You might read that and think I’m just trying to rationalize the purchase, but I’m not. I’m actually trying to remove some drama from the purchase by comparing the price to what you’d normally spend. It’s an important distinction because we have a tendency to dramatize financial decisions we’re uncertain about. I’m not sure why–maybe it’s a way of stacking the deck for or against the decision in hopes of making it easier. 

Anyway, I think the right place to start here is to acknowledge that this is, in fact, a $300 to $400 decision, not a $900 decision. The same would be true if we were talking about a $3,000 to $4,000 decision. The idea is to be clear on the money that’s outside what you’d “normally” or “confidently” spend.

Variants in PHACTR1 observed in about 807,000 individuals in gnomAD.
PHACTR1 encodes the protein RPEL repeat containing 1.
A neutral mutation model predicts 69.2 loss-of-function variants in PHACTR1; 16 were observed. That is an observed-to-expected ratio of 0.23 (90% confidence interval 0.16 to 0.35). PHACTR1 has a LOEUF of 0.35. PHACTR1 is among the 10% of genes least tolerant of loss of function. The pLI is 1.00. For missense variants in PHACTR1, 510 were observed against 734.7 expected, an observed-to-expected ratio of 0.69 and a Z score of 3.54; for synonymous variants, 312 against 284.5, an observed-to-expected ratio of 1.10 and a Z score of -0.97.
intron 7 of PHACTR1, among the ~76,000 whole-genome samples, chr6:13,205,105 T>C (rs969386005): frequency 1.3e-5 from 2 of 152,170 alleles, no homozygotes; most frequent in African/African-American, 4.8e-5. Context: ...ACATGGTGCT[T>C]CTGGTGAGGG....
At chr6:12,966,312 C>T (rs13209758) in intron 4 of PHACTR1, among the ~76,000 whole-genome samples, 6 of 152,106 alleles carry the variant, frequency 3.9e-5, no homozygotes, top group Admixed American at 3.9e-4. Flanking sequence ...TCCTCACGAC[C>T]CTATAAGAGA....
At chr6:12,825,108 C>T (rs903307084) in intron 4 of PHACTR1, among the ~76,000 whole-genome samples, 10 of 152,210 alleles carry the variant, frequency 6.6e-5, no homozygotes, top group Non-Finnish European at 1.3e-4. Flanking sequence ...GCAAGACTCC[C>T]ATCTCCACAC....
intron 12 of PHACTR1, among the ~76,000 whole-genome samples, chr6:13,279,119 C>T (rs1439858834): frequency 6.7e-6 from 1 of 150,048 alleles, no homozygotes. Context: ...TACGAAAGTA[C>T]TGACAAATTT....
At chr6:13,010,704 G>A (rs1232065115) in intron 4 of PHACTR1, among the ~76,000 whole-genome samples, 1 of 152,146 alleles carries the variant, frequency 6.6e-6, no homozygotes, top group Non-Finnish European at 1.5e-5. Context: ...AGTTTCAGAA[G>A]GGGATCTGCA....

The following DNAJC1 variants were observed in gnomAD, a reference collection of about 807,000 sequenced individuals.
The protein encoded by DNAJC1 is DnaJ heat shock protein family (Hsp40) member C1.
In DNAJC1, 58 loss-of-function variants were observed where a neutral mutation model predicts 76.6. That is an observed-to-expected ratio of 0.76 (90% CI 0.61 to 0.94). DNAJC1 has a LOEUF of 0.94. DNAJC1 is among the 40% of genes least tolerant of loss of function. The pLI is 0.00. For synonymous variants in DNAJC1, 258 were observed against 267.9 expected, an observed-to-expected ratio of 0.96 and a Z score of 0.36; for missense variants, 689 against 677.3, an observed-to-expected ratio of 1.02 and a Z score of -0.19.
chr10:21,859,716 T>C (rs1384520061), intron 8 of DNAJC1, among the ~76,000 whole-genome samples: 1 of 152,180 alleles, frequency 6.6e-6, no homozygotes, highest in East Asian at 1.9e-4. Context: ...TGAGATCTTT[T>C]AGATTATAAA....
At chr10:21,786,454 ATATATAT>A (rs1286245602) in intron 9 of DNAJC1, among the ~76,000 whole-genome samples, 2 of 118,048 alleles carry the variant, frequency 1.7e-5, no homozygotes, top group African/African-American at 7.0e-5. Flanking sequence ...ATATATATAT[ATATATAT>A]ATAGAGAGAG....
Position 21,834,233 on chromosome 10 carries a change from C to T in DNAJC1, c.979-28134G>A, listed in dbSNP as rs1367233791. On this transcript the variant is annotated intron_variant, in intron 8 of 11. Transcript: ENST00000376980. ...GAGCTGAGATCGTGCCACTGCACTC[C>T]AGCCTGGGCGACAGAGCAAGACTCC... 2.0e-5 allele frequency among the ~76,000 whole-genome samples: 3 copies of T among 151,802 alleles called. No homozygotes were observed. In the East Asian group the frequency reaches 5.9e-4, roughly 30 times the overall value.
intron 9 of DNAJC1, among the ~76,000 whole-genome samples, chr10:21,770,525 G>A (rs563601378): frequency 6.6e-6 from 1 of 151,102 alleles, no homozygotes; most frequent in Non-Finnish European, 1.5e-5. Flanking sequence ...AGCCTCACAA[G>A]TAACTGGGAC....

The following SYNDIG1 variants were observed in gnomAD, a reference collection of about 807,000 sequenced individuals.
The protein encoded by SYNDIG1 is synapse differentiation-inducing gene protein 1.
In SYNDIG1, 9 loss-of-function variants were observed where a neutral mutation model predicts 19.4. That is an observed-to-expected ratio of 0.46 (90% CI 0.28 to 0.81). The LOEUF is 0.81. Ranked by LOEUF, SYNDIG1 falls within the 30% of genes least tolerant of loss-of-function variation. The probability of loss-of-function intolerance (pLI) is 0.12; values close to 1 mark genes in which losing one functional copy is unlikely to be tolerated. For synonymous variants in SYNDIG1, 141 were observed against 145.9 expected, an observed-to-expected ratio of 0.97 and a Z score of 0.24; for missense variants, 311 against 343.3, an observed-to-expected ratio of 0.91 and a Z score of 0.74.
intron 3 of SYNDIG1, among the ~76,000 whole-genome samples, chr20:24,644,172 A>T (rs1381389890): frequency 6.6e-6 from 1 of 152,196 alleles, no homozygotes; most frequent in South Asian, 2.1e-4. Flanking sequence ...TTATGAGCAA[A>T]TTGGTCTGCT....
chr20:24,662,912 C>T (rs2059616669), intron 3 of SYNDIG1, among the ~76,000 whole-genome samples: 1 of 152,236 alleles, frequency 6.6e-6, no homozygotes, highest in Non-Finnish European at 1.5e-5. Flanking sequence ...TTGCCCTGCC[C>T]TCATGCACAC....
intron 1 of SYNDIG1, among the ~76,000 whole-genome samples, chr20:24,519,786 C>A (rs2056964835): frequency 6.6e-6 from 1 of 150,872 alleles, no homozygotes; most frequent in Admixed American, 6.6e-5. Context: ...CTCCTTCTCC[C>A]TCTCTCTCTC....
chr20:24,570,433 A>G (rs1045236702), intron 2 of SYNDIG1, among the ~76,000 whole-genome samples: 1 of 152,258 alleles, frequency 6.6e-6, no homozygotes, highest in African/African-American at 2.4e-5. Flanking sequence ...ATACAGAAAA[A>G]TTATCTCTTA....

Next, I told Breian, you want to be clear what you’re giving up by spending the extra few hundred dollars on the plane ticket. Since it’s basically impossible to say what anything is truly “worth,” the easiest way to get at what something is worth to you is to figure out what you can’t buy since you bought this thing.

In Breian’s case, the answer is…nothing. She has money sitting unused in her business account, and there’s nothing she’s thinking about buying that she’d have to give up for the sake of the plane ticket. 

In that case, I told her, I don’t think it’s really about the money.

She agreed with me, and told me her husband had said the same thing: her concern isn’t really the money.

The problem, she said, is that it just feels so indulgent. 

Well, if the money isn’t the issue, and you’re still feeling hung up on it, maybe it’s the time. How do you feel about spending this amount of time on the event?

Breian couldn’t answer with certainty, which is fine. She just kept coming to the idea that spending this amount of money and time on this event would be very indulgent of her.